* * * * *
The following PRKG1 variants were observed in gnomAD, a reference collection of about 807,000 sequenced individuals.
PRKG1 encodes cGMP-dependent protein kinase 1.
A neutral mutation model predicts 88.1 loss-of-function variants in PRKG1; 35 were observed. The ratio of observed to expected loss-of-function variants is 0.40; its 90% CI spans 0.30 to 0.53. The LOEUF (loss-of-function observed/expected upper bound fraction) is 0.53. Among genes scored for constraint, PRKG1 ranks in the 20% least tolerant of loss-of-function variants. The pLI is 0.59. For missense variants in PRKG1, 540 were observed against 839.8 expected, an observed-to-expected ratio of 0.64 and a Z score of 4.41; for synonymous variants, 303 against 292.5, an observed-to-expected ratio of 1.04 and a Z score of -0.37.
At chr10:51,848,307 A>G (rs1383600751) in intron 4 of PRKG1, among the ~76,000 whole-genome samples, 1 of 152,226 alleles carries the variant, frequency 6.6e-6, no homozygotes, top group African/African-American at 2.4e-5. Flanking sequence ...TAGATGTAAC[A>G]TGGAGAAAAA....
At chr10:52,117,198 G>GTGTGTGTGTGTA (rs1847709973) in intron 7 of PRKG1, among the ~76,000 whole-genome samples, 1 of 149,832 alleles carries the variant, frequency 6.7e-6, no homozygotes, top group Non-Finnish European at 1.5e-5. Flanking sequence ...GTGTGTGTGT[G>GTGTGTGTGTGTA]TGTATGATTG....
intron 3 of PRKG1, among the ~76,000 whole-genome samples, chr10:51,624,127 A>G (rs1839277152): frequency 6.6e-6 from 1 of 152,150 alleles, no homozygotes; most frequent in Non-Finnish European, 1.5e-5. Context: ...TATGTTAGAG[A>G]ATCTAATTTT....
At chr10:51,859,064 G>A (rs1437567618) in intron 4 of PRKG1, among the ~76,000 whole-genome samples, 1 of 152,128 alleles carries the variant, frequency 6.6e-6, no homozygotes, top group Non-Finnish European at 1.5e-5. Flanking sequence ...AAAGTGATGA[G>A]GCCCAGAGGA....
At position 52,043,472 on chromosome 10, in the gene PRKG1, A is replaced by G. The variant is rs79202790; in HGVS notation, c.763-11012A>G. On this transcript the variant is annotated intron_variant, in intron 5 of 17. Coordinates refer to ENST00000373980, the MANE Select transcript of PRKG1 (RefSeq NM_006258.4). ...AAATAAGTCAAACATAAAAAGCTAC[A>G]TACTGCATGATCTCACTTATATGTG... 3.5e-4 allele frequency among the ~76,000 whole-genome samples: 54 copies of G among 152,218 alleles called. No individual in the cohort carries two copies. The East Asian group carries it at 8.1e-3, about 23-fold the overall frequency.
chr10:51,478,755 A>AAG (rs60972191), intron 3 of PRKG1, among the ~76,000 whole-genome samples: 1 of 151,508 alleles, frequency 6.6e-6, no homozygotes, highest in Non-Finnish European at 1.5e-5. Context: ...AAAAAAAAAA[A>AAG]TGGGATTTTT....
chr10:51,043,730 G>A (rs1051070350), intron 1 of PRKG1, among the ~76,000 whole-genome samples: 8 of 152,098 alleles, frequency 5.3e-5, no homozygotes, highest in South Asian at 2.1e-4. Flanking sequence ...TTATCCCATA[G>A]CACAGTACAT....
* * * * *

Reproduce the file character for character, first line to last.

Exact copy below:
The following PRKG1 variants were observed in gnomAD, a reference collection of about 807,000 sequenced individuals.
PRKG1 encodes cGMP-dependent protein kinase 1.
A neutral mutation model predicts 88.1 loss-of-function variants in PRKG1; 35 were observed. The ratio of observed to expected loss-of-function variants is 0.40; its 90% CI spans 0.30 to 0.53. The LOEUF (loss-of-function observed/expected upper bound fraction) is 0.53. Among genes scored for constraint, PRKG1 ranks in the 20% least tolerant of loss-of-function variants. The pLI is 0.59. For missense variants in PRKG1, 540 were observed against 839.8 expected, an observed-to-expected ratio of 0.64 and a Z score of 4.41; for synonymous variants, 303 against 292.5, an observed-to-expected ratio of 1.04 and a Z score of -0.37.
At chr10:51,848,307 A>G (rs1383600751) in intron 4 of PRKG1, among the ~76,000 whole-genome samples, 1 of 152,226 alleles carries the variant, frequency 6.6e-6, no homozygotes, top group African/African-American at 2.4e-5. Flanking sequence ...TAGATGTAAC[A>G]TGGAGAAAAA....
At chr10:52,117,198 G>GTGTGTGTGTGTA (rs1847709973) in intron 7 of PRKG1, among the ~76,000 whole-genome samples, 1 of 149,832 alleles carries the variant, frequency 6.7e-6, no homozygotes, top group Non-Finnish European at 1.5e-5. Flanking sequence ...GTGTGTGTGT[G>GTGTGTGTGTGTA]TGTATGATTG....
intron 3 of PRKG1, among the ~76,000 whole-genome samples, chr10:51,624,127 A>G (rs1839277152): frequency 6.6e-6 from 1 of 152,150 alleles, no homozygotes; most frequent in Non-Finnish European, 1.5e-5. Context: ...TATGTTAGAG[A>G]ATCTAATTTT....
At chr10:51,859,064 G>A (rs1437567618) in intron 4 of PRKG1, among the ~76,000 whole-genome samples, 1 of 152,128 alleles carries the variant, frequency 6.6e-6, no homozygotes, top group Non-Finnish European at 1.5e-5. Flanking sequence ...AAAGTGATGA[G>A]GCCCAGAGGA....
At position 52,043,472 on chromosome 10, in the gene PRKG1, A is replaced by G. The variant is rs79202790; in HGVS notation, c.763-11012A>G. On this transcript the variant is annotated intron_variant, in intron 5 of 17. Coordinates refer to ENST00000373980, the MANE Select transcript of PRKG1 (RefSeq NM_006258.4). ...AAATAAGTCAAACATAAAAAGCTAC[A>G]TACTGCATGATCTCACTTATATGTG... 3.5e-4 allele frequency among the ~76,000 whole-genome samples: 54 copies of G among 152,218 alleles called. No individual in the cohort carries two copies. The East Asian group carries it at 8.1e-3, about 23-fold the overall frequency.
chr10:51,478,755 A>AAG (rs60972191), intron 3 of PRKG1, among the ~76,000 whole-genome samples: 1 of 151,508 alleles, frequency 6.6e-6, no homozygotes, highest in Non-Finnish European at 1.5e-5. Context: ...AAAAAAAAAA[A>AAG]TGGGATTTTT....
chr10:51,043,730 G>A (rs1051070350), intron 1 of PRKG1, among the ~76,000 whole-genome samples: 8 of 152,098 alleles, frequency 5.3e-5, no homozygotes, highest in South Asian at 2.1e-4. Flanking sequence ...TTATCCCATA[G>A]CACAGTACAT....